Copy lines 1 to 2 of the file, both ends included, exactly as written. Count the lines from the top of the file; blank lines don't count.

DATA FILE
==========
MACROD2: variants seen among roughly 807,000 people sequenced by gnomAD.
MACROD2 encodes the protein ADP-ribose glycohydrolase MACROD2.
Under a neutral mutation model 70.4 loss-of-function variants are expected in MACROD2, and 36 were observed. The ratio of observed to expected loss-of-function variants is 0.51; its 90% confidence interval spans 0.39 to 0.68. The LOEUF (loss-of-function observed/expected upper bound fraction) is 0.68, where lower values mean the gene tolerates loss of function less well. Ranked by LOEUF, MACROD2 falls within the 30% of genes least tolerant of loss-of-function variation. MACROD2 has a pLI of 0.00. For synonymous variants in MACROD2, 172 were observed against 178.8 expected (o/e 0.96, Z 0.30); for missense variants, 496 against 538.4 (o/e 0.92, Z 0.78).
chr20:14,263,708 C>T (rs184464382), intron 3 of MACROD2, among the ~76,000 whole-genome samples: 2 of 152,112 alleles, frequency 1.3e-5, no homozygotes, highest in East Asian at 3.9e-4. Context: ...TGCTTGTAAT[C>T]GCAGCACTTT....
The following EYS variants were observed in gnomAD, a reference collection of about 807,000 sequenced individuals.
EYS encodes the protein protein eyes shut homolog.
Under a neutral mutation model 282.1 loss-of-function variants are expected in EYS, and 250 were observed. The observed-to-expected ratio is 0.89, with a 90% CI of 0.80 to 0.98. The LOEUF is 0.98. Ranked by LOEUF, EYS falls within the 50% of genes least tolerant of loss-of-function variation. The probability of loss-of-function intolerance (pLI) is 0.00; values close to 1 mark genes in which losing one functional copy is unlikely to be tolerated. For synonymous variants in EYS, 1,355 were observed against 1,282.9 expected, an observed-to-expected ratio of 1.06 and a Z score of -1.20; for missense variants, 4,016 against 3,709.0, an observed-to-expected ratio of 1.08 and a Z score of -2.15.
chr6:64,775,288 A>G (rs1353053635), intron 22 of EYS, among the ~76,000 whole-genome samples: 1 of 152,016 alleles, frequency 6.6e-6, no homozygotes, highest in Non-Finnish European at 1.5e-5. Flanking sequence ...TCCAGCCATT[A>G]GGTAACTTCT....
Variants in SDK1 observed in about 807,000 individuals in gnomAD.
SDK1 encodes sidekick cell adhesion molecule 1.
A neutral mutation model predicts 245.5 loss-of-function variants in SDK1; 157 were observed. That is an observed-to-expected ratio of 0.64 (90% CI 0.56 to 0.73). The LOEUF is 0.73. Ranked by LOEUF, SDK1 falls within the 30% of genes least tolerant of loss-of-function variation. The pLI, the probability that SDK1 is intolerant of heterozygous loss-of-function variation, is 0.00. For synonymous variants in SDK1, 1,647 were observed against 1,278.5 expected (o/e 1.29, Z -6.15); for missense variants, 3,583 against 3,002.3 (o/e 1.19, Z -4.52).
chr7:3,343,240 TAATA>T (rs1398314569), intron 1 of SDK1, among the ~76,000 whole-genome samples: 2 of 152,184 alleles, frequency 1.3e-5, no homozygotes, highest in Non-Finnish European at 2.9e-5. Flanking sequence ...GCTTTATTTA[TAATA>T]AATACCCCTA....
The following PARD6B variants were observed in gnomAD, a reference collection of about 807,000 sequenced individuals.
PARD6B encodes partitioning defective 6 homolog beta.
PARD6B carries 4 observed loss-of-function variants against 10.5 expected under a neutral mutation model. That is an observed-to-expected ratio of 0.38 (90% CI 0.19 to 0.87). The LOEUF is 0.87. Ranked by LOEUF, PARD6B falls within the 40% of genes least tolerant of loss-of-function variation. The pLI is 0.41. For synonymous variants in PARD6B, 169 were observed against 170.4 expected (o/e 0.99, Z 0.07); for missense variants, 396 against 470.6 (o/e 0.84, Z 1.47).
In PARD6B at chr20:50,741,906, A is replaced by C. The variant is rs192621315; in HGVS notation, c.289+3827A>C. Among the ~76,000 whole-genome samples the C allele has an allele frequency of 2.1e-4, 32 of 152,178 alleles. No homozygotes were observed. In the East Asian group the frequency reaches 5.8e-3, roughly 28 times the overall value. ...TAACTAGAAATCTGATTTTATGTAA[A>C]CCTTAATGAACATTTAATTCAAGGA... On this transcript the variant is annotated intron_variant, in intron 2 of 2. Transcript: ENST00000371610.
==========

MACROD2: variants seen among roughly 807,000 people sequenced by gnomAD.
MACROD2 encodes the protein ADP-ribose glycohydrolase MACROD2.